* By Jason Schenker *
2018 was a big year and optimism from 2018 carried over into the start of 2019. Then tax cut tailwinds faded against a larger-than-expected trade war between the United States and China. And 2019 weakened. These dynamics of disappointment were most pronounced for the global economy. But weakness in U.S. business investment and U.S. manufacturing played out in 2019 as well. The salience of this weakness casts a long shadow on the year ahead.
U.S. outlook in 2020
Looking ahead at 2020, various financial markets have been vacillating as they are alternatingly influenced by the specter of recession against the backdrop of one of the strongest job markets in U.S. history. But there is more to play out in the year ahead than just the tug of war between U.S. consumption, which is 70% of GDP, and U.S. business investment, which is 15 to 20% of GDP.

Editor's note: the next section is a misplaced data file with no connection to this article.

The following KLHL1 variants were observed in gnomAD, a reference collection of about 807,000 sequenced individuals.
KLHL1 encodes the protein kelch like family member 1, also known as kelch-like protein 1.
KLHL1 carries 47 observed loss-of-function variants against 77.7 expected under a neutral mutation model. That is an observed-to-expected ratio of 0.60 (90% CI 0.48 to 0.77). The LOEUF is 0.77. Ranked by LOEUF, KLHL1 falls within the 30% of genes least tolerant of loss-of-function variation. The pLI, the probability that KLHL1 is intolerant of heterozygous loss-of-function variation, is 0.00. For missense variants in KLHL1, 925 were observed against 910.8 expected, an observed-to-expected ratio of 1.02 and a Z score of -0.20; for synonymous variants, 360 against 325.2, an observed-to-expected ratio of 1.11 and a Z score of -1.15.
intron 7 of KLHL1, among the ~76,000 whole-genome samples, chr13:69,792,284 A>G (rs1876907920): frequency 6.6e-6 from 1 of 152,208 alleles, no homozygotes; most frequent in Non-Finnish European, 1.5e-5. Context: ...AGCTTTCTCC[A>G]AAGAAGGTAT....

The prospects for a tumultuous 2020 political season in the run up to the U.S. presidential election along with potential impeachment could add volatility, uncertainty and adversely impact business investment decisions. Furthermore, the broader global geopolitical landscape has shifted rapidly. And the antagonisms between the U.S. and China are likely to intensify, even if headlines tease prospects of detente. Furthermore, the heretofore fraying edges of diplomacy between the two largest economies on earth is likely to have negative implications for corporate profits and Herculean implications for some supply chains—especially for higher technology industries.
The term “frenemies” is a term that Millennials are typically more likely to invoke than Boomers. But the truth is that a permutation of this phrase was coined in the 1950s about the Cold War between the U.S. and the USSR.